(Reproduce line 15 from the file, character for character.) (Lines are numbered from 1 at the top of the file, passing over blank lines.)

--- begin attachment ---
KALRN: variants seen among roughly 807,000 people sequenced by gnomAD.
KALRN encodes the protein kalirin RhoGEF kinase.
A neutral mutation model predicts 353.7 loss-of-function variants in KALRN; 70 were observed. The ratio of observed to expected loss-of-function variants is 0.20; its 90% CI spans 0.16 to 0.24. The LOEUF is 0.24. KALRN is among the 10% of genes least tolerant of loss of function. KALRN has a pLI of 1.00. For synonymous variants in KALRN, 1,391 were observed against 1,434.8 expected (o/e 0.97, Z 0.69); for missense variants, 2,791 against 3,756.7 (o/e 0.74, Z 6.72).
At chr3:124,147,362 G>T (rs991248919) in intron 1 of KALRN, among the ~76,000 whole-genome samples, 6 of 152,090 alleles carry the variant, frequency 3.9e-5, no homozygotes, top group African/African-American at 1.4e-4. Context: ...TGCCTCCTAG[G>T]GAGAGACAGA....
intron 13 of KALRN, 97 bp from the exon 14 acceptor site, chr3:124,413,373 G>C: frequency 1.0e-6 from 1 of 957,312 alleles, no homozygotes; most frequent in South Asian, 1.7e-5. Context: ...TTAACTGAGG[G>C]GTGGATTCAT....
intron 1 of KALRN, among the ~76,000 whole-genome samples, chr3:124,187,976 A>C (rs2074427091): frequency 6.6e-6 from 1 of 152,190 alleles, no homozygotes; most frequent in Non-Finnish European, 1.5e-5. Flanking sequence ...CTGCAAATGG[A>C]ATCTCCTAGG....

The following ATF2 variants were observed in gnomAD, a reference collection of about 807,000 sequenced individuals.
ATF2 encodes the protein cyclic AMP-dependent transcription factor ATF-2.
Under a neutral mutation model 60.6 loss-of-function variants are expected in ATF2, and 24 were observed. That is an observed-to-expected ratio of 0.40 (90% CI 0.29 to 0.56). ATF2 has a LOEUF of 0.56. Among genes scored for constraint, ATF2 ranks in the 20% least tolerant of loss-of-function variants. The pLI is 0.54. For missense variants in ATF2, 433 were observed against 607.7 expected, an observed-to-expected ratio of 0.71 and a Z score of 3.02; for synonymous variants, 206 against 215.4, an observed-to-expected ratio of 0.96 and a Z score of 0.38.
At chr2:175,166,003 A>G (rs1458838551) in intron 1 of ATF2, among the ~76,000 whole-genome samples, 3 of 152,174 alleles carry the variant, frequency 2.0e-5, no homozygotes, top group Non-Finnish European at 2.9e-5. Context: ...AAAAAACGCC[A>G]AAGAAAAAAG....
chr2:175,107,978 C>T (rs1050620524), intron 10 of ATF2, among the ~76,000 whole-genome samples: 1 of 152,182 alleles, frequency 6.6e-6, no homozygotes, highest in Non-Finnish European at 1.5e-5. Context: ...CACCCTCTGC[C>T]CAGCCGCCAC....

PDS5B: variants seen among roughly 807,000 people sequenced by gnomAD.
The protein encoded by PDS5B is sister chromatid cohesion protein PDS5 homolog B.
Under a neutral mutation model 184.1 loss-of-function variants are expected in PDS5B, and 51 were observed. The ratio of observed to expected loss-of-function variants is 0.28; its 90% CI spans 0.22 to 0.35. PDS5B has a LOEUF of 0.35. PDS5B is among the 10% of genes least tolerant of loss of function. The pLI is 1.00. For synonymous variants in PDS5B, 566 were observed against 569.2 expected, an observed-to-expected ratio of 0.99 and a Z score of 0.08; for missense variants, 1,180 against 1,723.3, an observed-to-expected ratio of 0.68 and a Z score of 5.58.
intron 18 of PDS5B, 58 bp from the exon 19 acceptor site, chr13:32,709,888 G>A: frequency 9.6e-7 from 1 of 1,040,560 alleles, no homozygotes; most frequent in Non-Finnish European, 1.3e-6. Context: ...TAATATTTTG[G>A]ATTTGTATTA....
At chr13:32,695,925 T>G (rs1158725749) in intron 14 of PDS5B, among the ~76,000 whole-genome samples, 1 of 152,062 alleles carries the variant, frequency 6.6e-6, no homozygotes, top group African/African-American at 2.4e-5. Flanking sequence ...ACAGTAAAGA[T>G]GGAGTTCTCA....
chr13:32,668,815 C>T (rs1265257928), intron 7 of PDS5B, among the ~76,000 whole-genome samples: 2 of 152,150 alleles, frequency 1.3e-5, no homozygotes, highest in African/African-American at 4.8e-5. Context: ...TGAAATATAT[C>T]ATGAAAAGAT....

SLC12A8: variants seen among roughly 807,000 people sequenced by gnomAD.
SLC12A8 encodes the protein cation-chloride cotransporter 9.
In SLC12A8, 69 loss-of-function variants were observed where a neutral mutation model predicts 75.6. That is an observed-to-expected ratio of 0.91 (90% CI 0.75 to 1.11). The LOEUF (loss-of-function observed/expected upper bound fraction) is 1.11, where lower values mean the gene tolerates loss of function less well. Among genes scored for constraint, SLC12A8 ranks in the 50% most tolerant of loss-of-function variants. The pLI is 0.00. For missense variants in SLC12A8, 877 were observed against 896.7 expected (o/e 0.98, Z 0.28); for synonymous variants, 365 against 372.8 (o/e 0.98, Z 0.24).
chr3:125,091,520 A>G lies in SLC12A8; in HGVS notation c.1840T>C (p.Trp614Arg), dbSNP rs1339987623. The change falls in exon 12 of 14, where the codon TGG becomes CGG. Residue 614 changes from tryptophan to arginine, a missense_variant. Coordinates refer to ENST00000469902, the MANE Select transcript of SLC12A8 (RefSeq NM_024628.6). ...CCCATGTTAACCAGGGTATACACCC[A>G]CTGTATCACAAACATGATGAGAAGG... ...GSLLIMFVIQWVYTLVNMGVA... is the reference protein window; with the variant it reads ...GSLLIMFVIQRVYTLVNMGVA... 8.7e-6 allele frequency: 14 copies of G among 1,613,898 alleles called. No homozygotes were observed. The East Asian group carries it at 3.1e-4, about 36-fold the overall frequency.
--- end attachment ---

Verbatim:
intron 18 of PDS5B, 58 bp from the exon 19 acceptor site, chr13:32,709,888 G>A: frequency 9.6e-7 from 1 of 1,040,560 alleles, no homozygotes; most frequent in Non-Finnish European, 1.3e-6. Context: ...TAATATTTTG[G>A]ATTTGTATTA....